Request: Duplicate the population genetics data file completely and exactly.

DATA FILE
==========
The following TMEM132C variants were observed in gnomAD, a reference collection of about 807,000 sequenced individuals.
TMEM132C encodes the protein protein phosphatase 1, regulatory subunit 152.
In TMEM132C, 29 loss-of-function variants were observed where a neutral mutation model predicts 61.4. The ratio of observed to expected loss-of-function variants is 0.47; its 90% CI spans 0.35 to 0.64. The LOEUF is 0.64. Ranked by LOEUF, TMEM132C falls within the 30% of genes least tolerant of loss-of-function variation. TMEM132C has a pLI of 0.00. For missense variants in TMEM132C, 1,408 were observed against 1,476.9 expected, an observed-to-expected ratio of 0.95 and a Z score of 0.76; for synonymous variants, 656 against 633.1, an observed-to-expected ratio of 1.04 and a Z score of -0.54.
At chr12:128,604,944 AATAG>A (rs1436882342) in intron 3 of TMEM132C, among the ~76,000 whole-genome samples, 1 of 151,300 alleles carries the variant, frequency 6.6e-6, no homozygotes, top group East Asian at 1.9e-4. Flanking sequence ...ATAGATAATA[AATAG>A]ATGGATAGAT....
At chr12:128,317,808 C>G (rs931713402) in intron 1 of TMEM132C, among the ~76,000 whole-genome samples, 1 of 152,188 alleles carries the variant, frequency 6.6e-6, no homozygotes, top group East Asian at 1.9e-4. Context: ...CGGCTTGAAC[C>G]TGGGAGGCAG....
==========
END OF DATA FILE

The following TMEM132C variants were observed in gnomAD, a reference collection of about 807,000 sequenced individuals.
TMEM132C encodes the protein protein phosphatase 1, regulatory subunit 152.
In TMEM132C, 29 loss-of-function variants were observed where a neutral mutation model predicts 61.4. The ratio of observed to expected loss-of-function variants is 0.47; its 90% CI spans 0.35 to 0.64. The LOEUF is 0.64. Ranked by LOEUF, TMEM132C falls within the 30% of genes least tolerant of loss-of-function variation. TMEM132C has a pLI of 0.00. For missense variants in TMEM132C, 1,408 were observed against 1,476.9 expected, an observed-to-expected ratio of 0.95 and a Z score of 0.76; for synonymous variants, 656 against 633.1, an observed-to-expected ratio of 1.04 and a Z score of -0.54.
At chr12:128,604,944 AATAG>A (rs1436882342) in intron 3 of TMEM132C, among the ~76,000 whole-genome samples, 1 of 151,300 alleles carries the variant, frequency 6.6e-6, no homozygotes, top group East Asian at 1.9e-4. Flanking sequence ...ATAGATAATA[AATAG>A]ATGGATAGAT....
At chr12:128,317,808 C>G (rs931713402) in intron 1 of TMEM132C, among the ~76,000 whole-genome samples, 1 of 152,188 alleles carries the variant, frequency 6.6e-6, no homozygotes, top group East Asian at 1.9e-4. Context: ...CGGCTTGAAC[C>G]TGGGAGGCAG....